“He has mass and ass. Mass and ass kick ass” - Sean Payton on the signing of Larry Warford in 2017.
Since joining the Saints, Warford has been voted to the Pro-Bowl three straight seasons. While the “worth” of a Pro-Bowl selection is up for debate for many (Xavier Rhodes?!) it still is one of the many tools use to gauge a player’s success throughout the years. At only 28 years old, hopefully there are still plenty of these types of seasons ahead of Warford while donning the black and gold.
Now how much did the Saints benefit from Warford? It’s no secret that the running game had a lot of success running to the right side this season. Of course Ryan Ramczyk plays a part in this (and was the offensive line’s lone All-Pro selection), but if we break down the team’s success by gap we’ll see than Warford’s “mass and ass” did as well.
By success rate Alvin Kamara, Latavius Murray, Taysom Hill and Zach Line combined for 62 carries, 298 yards (4.8 YPC) and 4 touchdowns running directly behind Warford according to SIS. This was the most touchdowns on the ground behind any one particular gap. Furthermore, there were 9 10+ yard runs (explosive plays) directly behind Warford which was tied for most on the team with the outside runs along the left side.
As rushers Kamara, Murray and Line average 4.5 yards per carry behind Warford which was actually more than they average running behind Ramczyk (4.3) or Terron Armstead (3.1) who are considered the staples of the offensive line.
Finally, I think it’s important to note how reliable running behind Warford was when it came to critical downs like 3rd and 4th downs. Kamara, Murray, Line and Hill averaged 5.8 yards per carry behind Warford in those situations, second only to running straight up the gut behind rookie center Erik McCoy. Warford (and Peat) obviously play a role in A gap rush success.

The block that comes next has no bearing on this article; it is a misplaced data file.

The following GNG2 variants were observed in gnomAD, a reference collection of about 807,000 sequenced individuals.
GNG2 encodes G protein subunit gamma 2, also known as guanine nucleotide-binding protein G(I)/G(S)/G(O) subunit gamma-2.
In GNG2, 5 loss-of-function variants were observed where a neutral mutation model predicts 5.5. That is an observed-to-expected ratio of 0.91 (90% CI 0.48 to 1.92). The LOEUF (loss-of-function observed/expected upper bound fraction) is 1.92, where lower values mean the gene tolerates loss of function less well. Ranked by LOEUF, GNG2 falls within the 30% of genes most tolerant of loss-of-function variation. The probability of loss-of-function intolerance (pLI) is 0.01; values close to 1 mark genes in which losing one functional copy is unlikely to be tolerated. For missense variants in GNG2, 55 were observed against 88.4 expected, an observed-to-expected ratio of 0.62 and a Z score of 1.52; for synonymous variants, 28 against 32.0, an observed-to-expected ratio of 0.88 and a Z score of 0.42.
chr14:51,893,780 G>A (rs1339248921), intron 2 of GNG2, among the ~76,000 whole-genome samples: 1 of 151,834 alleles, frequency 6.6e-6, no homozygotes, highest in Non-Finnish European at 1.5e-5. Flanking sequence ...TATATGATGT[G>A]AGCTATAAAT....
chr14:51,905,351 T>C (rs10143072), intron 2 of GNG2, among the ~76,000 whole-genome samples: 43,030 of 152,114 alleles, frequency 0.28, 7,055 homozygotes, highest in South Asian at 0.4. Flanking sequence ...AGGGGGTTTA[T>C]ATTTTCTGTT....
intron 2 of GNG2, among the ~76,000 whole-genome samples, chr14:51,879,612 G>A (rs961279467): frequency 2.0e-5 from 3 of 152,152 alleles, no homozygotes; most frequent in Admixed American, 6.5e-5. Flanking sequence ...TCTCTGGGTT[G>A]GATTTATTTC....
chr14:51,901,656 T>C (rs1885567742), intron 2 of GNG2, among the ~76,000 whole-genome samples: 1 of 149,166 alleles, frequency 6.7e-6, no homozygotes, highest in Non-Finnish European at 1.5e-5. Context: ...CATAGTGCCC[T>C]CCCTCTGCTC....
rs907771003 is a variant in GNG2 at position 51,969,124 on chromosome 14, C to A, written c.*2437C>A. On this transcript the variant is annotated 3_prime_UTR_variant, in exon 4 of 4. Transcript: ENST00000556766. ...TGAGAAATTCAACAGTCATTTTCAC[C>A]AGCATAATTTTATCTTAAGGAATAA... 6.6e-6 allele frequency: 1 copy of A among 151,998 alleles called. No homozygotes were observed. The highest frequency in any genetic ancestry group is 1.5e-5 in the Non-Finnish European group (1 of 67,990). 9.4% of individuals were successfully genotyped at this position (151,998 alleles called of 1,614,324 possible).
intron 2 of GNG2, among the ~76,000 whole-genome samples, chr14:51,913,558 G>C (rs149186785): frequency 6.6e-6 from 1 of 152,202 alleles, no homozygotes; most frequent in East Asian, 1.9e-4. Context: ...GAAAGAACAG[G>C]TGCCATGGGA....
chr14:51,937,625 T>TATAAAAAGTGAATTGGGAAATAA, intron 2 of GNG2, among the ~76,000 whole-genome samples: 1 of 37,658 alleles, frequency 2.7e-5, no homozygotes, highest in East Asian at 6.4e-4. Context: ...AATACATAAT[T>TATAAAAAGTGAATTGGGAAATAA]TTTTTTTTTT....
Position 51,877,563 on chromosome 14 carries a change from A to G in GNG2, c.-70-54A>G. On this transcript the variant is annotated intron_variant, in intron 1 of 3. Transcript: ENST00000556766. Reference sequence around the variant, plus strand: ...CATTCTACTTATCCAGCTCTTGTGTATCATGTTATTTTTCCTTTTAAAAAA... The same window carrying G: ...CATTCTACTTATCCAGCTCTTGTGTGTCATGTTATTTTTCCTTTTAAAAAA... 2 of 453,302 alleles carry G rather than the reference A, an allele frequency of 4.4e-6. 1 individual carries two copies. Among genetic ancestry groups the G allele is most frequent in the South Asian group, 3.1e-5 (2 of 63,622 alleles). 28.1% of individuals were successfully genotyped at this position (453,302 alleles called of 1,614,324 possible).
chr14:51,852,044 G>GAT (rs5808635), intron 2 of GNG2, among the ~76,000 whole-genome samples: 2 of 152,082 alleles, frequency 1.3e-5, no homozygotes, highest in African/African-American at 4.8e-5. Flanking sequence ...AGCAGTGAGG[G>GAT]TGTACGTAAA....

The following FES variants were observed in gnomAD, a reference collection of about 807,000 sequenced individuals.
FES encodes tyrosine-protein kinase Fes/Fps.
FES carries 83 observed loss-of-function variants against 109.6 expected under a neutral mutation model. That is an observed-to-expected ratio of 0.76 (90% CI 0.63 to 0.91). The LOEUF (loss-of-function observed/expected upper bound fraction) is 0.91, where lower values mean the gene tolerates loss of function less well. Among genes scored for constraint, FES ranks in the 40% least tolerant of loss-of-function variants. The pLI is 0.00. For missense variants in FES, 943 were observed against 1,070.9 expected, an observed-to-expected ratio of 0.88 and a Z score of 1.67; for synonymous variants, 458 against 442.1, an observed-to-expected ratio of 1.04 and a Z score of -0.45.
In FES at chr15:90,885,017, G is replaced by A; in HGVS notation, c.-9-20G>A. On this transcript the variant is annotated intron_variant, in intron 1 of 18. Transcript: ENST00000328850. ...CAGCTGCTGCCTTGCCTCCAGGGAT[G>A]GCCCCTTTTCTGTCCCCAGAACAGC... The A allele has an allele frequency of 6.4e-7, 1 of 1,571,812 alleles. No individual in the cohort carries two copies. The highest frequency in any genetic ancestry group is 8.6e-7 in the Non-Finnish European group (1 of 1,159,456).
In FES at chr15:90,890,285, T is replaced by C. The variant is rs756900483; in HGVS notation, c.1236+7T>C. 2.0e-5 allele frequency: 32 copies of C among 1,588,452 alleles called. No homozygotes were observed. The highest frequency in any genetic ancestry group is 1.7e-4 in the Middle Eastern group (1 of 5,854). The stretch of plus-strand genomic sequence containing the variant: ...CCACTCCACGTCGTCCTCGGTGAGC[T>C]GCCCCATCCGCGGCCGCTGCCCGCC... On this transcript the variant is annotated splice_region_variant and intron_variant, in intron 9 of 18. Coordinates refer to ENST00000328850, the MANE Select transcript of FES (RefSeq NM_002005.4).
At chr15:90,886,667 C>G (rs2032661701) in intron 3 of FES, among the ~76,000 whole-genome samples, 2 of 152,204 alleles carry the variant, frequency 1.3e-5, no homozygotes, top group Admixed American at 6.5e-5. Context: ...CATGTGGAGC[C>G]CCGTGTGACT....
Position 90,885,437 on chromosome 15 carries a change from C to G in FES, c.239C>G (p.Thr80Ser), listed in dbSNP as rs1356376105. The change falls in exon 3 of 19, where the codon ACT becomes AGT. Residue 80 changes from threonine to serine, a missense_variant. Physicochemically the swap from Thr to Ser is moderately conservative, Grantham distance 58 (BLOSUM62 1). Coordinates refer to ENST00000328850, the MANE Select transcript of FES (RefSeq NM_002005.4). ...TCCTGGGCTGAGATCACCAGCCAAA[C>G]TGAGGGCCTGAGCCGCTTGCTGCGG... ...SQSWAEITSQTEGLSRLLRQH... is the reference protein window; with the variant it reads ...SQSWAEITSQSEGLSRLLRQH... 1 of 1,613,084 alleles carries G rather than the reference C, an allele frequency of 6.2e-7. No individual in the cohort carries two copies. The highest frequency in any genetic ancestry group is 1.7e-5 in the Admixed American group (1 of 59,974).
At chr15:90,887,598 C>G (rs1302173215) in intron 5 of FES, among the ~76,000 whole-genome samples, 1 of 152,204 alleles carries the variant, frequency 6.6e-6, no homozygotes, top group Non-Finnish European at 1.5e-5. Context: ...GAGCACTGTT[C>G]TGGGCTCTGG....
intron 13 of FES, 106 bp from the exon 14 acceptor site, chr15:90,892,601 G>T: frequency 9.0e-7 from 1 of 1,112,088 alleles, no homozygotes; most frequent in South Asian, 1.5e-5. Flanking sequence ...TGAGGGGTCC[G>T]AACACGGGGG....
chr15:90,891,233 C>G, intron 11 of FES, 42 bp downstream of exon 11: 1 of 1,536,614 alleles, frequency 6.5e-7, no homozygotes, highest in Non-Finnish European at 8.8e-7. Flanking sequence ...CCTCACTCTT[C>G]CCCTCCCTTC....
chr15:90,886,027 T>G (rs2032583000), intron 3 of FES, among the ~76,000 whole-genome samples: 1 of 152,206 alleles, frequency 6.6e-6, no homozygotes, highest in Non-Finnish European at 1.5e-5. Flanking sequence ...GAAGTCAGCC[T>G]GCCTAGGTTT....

If there are areas that statistically looks as if Warford took a step back it would be in pass protection where the Washington post listed him as giving up 3 sacks (tied for second most of his career) and being called for 4 penalties (most in his career). Something important to remember are some of the ways he was used.
For example, due to injuries to both the offensive line, tight ends and even quarterback we saw the Saints use play-action and pulling Warford to the weak side to block the end man on the line of scrimmage. Warford is a big, strong mauler, but isn’t the most fleet footed of the team’s offensive linemen. At times this could create mismatches against quicker edge rushers. This is not to say these playcalls were bad calls, as Warford handled this role well on most occassions, but that he was simply asked to do more than other players might have to at his position.
Regardless, what the Saints have gotten over the past three years is a consistent, healthy and dominant player at his position who regularly ranks towards the top at his position amongst the litany of analytics sites and firms that have popped up over the past decade.
Warford is now only the 3rd Saints offensive lineman to be voted to three Pro Bowls while a member of the black and gold joining Jahri Evans and Hall of Famer Willie Roaf. Evans also received his first Pro Bowl nod at 26 like Warford and would go on to make the squad through age 31. If the same holds true for Warford then there are still a few good years left in his tank.